By Eleanor Clerc
For 1L students starting their first year of law school, there are a lot of unknowns. Between a new school, new professors, new material, and a new testing format, it’s easy to feel overwhelmed. Sooner or later, you’ll hear about the 1L curve, a key stressor for law students.
In this post, we’ll demystify the curve and provide a way of thinking about it that will hopefully reduce the stress of 1L, instead of adding to it.
What is the 1L curve?
Many students have experienced some form of curved grading. Most curved grading systems are a variation on the “Bell curve,” also known as normal distribution, which looks like this:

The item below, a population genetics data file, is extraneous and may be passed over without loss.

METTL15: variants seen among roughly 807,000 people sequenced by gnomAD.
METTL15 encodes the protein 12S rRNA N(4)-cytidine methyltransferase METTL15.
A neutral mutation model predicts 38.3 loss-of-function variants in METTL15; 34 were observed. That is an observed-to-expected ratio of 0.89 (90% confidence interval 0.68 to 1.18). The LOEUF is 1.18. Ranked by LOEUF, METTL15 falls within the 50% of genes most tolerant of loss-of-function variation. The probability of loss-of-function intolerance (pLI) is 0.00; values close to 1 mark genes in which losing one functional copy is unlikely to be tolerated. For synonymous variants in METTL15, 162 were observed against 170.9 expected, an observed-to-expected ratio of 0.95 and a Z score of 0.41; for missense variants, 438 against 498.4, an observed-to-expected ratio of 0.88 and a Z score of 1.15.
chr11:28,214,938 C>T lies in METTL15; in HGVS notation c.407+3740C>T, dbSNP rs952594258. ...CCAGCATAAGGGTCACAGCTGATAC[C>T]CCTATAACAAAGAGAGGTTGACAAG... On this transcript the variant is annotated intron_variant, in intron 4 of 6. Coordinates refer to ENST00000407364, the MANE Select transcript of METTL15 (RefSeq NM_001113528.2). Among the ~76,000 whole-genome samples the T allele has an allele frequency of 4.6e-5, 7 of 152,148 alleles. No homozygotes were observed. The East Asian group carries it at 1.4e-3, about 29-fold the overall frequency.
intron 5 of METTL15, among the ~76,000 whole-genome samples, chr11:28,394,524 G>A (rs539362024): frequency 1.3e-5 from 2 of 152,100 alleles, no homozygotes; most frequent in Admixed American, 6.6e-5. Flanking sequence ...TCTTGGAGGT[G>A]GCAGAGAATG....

In technical terms, a normal distribution assumes that most of the sample will fall within the “median” measurement (e.g., weight, height) for that population. In law school, the curve means that most students will achieve median grades, and that a small number of students will do much better or much worse than the median. In law school, the median is pre-determined by the school. For example, my school, the University of Baltimore School of Law, sets its median grade at 2.6-3.0. This means that most students are expected to get between a B and a B-. It is important to understand that each school has its own grading policies and median grade. Wikipedia has a list of law school GPA curves if you are interested, but it’s always best to check your school’s grading policy directly. The aspect of the 1L curve that is most frustrating to students is that these grades do not necessarily correlate to how well they know the material and perform on their exams, but instead are generally dependent on how they do in comparison to the rest of the class. For example, if your school sets the median at a “B” and if the class median on an exam is 90%, then a student who gets 90% on an exam will get a “B.” However, this can also work in students’ favor. If the class median on an exam is 50%, then students who score 50% will also receive a “B.” A better/less stressful way to think of the curve. Given the challenging nature of law school, including having to learn more information than ever before and adapting to an entirely new type of examination process, it’s easy for students to see the curve as a barrier to success. However, successful students know that to beat the curve, you don’t need to be an expert on every topic in every class or to conduct sophisticated legal analysis like your favorite fictional lawyer to do well on exams. Rather, you just need to know the law and conduct legal analysis a little better than most of your classmates. The good news is that these are skills you can learn. By adopting the right strategies for your learning style, applying a system for tackling hypo-based exams, and devoting time to taking practice exams and comparing your results to model answers, you will build key skills for law school and put yourself in the best position to meet your academic goals.